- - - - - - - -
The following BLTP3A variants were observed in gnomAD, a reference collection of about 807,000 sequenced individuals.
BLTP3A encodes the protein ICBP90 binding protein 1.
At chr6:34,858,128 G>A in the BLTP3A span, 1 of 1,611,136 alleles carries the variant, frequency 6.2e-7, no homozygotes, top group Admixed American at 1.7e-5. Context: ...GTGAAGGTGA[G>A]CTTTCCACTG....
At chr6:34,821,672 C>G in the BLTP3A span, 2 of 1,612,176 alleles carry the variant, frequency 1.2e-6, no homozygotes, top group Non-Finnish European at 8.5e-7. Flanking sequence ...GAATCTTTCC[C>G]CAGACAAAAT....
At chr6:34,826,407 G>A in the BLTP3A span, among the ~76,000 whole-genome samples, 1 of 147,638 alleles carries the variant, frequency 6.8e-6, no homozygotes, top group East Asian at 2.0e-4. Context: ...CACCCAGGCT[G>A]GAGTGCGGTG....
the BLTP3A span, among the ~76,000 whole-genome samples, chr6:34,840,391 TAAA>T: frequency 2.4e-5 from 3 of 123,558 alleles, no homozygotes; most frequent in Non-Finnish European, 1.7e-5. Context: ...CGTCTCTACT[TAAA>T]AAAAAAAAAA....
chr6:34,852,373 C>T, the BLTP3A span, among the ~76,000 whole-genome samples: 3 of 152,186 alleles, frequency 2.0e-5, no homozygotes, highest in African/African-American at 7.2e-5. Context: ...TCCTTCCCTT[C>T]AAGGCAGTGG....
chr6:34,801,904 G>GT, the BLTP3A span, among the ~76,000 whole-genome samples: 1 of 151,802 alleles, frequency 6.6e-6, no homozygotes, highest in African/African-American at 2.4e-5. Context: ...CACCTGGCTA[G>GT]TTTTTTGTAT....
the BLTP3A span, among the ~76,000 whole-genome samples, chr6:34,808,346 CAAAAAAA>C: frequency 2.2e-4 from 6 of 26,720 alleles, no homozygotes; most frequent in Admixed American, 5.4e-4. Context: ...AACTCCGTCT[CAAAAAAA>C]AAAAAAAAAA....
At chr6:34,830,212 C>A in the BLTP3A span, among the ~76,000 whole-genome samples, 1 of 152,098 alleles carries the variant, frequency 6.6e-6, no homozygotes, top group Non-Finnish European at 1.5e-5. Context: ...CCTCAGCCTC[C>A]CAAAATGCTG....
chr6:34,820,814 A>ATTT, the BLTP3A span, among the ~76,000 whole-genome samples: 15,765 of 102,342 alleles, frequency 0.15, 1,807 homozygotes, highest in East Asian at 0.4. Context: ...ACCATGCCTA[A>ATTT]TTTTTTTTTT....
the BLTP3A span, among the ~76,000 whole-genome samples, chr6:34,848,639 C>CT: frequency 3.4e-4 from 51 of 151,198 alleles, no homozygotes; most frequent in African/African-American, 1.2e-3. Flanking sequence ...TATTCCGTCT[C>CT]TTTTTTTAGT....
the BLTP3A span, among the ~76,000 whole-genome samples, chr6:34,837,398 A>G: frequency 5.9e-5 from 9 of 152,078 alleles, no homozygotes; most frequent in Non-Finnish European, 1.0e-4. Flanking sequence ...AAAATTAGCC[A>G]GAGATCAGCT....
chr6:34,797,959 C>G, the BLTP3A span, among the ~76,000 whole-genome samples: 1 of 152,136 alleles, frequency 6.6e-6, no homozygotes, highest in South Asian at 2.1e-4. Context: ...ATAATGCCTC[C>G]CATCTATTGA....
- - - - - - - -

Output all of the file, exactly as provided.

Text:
The following BLTP3A variants were observed in gnomAD, a reference collection of about 807,000 sequenced individuals.
BLTP3A encodes the protein ICBP90 binding protein 1.
At chr6:34,858,128 G>A in the BLTP3A span, 1 of 1,611,136 alleles carries the variant, frequency 6.2e-7, no homozygotes, top group Admixed American at 1.7e-5. Context: ...GTGAAGGTGA[G>A]CTTTCCACTG....
At chr6:34,821,672 C>G in the BLTP3A span, 2 of 1,612,176 alleles carry the variant, frequency 1.2e-6, no homozygotes, top group Non-Finnish European at 8.5e-7. Flanking sequence ...GAATCTTTCC[C>G]CAGACAAAAT....
At chr6:34,826,407 G>A in the BLTP3A span, among the ~76,000 whole-genome samples, 1 of 147,638 alleles carries the variant, frequency 6.8e-6, no homozygotes, top group East Asian at 2.0e-4. Context: ...CACCCAGGCT[G>A]GAGTGCGGTG....
the BLTP3A span, among the ~76,000 whole-genome samples, chr6:34,840,391 TAAA>T: frequency 2.4e-5 from 3 of 123,558 alleles, no homozygotes; most frequent in Non-Finnish European, 1.7e-5. Context: ...CGTCTCTACT[TAAA>T]AAAAAAAAAA....
chr6:34,852,373 C>T, the BLTP3A span, among the ~76,000 whole-genome samples: 3 of 152,186 alleles, frequency 2.0e-5, no homozygotes, highest in African/African-American at 7.2e-5. Context: ...TCCTTCCCTT[C>T]AAGGCAGTGG....
chr6:34,801,904 G>GT, the BLTP3A span, among the ~76,000 whole-genome samples: 1 of 151,802 alleles, frequency 6.6e-6, no homozygotes, highest in African/African-American at 2.4e-5. Context: ...CACCTGGCTA[G>GT]TTTTTTGTAT....
the BLTP3A span, among the ~76,000 whole-genome samples, chr6:34,808,346 CAAAAAAA>C: frequency 2.2e-4 from 6 of 26,720 alleles, no homozygotes; most frequent in Admixed American, 5.4e-4. Context: ...AACTCCGTCT[CAAAAAAA>C]AAAAAAAAAA....
At chr6:34,830,212 C>A in the BLTP3A span, among the ~76,000 whole-genome samples, 1 of 152,098 alleles carries the variant, frequency 6.6e-6, no homozygotes, top group Non-Finnish European at 1.5e-5. Context: ...CCTCAGCCTC[C>A]CAAAATGCTG....
chr6:34,820,814 A>ATTT, the BLTP3A span, among the ~76,000 whole-genome samples: 15,765 of 102,342 alleles, frequency 0.15, 1,807 homozygotes, highest in East Asian at 0.4. Context: ...ACCATGCCTA[A>ATTT]TTTTTTTTTT....
the BLTP3A span, among the ~76,000 whole-genome samples, chr6:34,848,639 C>CT: frequency 3.4e-4 from 51 of 151,198 alleles, no homozygotes; most frequent in African/African-American, 1.2e-3. Flanking sequence ...TATTCCGTCT[C>CT]TTTTTTTAGT....
the BLTP3A span, among the ~76,000 whole-genome samples, chr6:34,837,398 A>G: frequency 5.9e-5 from 9 of 152,078 alleles, no homozygotes; most frequent in Non-Finnish European, 1.0e-4. Flanking sequence ...AAAATTAGCC[A>G]GAGATCAGCT....
chr6:34,797,959 C>G, the BLTP3A span, among the ~76,000 whole-genome samples: 1 of 152,136 alleles, frequency 6.6e-6, no homozygotes, highest in South Asian at 2.1e-4. Context: ...ATAATGCCTC[C>G]CATCTATTGA....